Weeks after announcing that United States aid to El Salvador would be steered away from government institutions because of “deep concerns” over the ousting of judges and the attorney general, the director of the U.S. development agency delivered in El Salvador a message about the fragility of democracy. Even the site of U.S. Agency for International Development Administrator Samantha Power’s speech Monday was packed with symbolism. Power spoke on the campus of Central American University, the country’s premier institution of higher learning led by Rector Andreu Oliva, an outspoken critic of President Nayib Bukele’s government.
Hundreds of demonstrators outraged with Sen. Joe Manchin’s opposition to a sweeping overhaul of U.S. election law marched through the state’s capital city on Monday evening. Rev. William Barber, co-chair of the Poor People’s Campaign, denounced the influential moderate Democratic senator. He called for a diverse coalition of working people to apply pressure on Manchin, who recently opposed a $15 minimum wage and the price tag of President Joe Biden’s initial $2 trillion infrastructure plan. Unable to meet with the senator, leaders of the demonstration affixed a poster-sized protest letter to the front doors of his office's building. Rally-goers took turns signing their names on it.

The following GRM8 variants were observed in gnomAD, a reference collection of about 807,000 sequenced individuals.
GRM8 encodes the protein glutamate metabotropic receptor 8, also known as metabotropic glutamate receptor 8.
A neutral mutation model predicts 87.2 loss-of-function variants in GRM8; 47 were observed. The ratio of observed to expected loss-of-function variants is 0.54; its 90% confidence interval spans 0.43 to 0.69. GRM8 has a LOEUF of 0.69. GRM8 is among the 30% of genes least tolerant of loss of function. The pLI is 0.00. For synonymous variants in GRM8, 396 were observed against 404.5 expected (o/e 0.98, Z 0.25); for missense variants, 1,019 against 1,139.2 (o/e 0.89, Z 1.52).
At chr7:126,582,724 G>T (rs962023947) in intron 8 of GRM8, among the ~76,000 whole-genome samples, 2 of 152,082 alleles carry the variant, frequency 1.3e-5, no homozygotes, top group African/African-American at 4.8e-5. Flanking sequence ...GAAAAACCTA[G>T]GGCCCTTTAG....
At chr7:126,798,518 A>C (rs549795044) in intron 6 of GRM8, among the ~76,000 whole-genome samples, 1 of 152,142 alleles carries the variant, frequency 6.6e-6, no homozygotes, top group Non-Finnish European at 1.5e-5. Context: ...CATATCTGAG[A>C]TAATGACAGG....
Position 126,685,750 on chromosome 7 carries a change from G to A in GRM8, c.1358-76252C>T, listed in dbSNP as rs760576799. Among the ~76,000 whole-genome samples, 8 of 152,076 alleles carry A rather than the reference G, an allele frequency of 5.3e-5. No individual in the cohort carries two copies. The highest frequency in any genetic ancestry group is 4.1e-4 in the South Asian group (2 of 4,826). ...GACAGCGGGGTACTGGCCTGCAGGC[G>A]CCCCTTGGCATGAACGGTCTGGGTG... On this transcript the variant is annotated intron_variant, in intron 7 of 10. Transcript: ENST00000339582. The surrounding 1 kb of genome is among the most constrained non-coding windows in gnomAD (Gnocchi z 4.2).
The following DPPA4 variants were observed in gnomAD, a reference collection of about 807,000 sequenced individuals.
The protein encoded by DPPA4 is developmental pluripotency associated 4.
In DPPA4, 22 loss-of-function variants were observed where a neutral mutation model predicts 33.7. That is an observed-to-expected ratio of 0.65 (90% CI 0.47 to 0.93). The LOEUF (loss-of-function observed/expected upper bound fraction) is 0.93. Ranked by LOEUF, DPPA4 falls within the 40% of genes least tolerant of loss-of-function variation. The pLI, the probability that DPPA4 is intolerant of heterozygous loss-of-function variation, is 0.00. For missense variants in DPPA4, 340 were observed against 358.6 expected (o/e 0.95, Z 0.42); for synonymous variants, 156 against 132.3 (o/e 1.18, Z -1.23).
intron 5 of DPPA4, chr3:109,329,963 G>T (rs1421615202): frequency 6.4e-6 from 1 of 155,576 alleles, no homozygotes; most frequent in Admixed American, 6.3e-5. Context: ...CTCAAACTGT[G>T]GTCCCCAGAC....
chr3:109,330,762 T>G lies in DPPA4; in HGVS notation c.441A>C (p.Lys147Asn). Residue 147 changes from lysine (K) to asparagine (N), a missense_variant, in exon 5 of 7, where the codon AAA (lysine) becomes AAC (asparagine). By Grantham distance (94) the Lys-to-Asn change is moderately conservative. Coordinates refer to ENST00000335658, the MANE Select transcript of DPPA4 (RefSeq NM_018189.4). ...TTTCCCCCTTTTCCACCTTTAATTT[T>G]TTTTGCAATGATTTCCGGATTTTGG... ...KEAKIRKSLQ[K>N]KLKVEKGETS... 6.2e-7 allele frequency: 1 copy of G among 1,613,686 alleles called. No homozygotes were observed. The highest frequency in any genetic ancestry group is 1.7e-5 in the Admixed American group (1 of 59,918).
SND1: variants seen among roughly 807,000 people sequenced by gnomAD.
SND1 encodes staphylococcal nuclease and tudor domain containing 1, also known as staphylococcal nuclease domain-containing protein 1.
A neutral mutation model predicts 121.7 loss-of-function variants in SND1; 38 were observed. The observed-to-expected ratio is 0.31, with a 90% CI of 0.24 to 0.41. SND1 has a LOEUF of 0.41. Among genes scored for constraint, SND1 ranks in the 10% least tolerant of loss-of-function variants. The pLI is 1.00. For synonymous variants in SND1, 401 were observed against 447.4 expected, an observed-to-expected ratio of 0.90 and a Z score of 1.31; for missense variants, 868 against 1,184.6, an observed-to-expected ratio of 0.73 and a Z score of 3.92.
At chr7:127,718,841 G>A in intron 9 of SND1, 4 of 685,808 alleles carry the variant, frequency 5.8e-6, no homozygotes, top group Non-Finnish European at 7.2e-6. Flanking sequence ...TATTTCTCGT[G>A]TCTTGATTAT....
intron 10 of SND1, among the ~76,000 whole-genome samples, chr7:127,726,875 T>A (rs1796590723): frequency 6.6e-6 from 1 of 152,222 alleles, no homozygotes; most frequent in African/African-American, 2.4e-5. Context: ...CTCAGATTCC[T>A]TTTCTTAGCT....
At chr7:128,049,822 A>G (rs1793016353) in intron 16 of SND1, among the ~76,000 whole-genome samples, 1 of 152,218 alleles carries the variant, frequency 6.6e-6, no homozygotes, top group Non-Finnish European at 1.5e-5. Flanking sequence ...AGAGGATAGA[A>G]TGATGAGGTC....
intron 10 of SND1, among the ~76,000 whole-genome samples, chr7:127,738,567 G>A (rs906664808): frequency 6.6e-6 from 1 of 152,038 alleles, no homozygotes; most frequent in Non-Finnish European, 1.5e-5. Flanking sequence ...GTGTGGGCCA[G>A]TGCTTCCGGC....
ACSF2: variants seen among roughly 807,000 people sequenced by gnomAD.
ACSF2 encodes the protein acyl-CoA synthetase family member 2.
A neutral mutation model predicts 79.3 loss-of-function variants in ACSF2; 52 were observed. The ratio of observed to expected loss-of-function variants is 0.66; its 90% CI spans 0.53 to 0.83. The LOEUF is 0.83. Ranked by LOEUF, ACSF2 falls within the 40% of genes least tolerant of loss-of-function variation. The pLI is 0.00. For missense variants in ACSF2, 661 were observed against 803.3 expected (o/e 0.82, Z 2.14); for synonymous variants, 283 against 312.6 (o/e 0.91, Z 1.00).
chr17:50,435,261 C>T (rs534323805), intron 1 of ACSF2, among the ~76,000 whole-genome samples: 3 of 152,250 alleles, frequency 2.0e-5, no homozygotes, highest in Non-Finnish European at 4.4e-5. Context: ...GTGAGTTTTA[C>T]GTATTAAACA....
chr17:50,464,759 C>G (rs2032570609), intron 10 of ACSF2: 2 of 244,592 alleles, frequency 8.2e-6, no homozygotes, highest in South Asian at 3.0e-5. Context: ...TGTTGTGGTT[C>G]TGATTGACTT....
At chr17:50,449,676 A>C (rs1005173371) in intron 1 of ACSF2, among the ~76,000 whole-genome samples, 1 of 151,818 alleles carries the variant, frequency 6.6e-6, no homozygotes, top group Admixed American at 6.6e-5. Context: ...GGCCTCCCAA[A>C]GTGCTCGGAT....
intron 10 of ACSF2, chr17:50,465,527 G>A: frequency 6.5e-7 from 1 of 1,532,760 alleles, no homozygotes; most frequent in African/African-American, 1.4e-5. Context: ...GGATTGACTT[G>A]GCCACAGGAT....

A Republican-led hand recount of ballots cast in Arizona’s most populous county hit a major milestone Monday when counters finished a tally of all the regular ballots cast in November’s general election. Ken Bennett is the Arizona Senate's liaison to the recount contractors and says all that remains are a small number of boxes filled with Braille, large-type, overseas military and duplicated ballots. That means almost all the 2.1 million ballots cast in Maricopa County have been recounted. The GOP-led Senate ordered the audit after backers of President Donald Trump claimed without evidence that fraud led to his loss in Arizona and other battleground states.
More groups are challenging Florida’s new elections laws. The Fair Elections Center and the Southern Poverty Law Center filed a federal lawsuit Monday on behalf of Head Count and the Harriet Tubman Freedom Fighters. The suit asserts that the new law foments distrust against civic organizations that work to register voters. At the core of the complaint is state-mandated language that third-party voter registration groups must warn groups that they might not submit a voter’s application documents in a timely fashion.
The new U.N. special envoy for crisis-wracked Mali is warning that further insecurity, especially in the country’s center and north, will have “drastic consequences” for the immediate region and beyond. El-Ghassim Wane urged the military-led transitional government to prepare for elections next February. He the U.N. Security Council that the West African nation “is at a critical juncture,” calling the situation “challenging, desperate and frustrating.” Wane said: “The encroachment of violent extremism on many Malian communities presents a serious setback.” Mali has been in turmoil since a 2012 uprising that led to an Islamic insurgency and a French-led war.